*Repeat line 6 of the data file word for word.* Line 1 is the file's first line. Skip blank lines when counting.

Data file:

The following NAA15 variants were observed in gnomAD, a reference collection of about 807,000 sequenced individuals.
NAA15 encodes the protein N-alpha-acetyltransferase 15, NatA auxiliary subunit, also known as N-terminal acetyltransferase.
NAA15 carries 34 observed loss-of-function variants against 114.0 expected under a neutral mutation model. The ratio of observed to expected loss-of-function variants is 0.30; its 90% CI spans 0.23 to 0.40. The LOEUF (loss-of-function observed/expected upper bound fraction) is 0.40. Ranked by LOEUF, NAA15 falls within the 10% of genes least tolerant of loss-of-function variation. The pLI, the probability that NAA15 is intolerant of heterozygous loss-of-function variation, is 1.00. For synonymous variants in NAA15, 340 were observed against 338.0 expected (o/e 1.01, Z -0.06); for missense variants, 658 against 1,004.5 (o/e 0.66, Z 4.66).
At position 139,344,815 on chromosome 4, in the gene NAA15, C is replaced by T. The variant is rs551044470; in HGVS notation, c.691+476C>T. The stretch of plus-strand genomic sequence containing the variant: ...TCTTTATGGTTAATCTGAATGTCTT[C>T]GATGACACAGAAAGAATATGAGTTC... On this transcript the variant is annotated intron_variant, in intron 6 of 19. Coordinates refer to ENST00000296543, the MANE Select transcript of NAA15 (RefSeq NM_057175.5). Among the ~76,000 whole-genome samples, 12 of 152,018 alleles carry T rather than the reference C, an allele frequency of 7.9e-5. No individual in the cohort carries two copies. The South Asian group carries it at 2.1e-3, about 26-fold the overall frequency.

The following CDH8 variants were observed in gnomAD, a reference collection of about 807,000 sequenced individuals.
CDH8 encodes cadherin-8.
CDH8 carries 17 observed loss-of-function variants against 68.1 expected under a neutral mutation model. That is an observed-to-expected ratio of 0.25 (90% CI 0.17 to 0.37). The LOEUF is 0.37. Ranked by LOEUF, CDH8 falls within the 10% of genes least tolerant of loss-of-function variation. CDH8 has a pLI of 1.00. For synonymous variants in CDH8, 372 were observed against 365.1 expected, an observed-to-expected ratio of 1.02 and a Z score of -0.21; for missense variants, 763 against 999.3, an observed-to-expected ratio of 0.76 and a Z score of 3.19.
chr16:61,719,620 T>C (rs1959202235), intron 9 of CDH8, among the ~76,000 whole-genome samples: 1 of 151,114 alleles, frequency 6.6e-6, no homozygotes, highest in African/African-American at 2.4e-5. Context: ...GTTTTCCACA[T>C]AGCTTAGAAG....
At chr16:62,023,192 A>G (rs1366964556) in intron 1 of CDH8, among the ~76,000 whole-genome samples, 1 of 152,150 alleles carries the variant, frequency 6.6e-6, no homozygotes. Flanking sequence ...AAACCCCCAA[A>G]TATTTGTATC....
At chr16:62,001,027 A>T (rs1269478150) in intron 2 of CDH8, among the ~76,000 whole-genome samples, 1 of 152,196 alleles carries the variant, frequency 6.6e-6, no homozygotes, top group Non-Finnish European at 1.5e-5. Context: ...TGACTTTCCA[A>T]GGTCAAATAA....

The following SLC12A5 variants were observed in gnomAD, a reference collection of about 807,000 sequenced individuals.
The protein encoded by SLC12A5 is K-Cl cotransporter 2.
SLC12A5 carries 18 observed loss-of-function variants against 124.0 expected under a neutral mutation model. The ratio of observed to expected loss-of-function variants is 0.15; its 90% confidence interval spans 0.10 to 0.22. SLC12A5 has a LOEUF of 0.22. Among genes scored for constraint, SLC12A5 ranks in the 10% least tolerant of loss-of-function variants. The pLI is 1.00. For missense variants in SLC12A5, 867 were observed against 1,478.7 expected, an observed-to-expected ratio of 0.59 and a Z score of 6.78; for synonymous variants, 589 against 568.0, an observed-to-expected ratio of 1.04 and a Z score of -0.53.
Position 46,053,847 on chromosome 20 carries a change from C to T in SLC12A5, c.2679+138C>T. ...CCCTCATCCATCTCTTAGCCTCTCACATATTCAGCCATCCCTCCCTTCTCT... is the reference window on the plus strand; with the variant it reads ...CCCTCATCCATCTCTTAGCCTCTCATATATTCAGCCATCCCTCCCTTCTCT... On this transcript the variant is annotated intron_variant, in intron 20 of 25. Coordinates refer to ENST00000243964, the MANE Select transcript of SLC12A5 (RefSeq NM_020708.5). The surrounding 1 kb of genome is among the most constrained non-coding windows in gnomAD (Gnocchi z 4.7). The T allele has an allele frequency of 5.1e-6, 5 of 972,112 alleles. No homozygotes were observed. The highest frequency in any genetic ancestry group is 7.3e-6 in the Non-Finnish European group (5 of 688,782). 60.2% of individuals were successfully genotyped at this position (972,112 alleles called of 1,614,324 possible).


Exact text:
CDH8 encodes cadherin-8.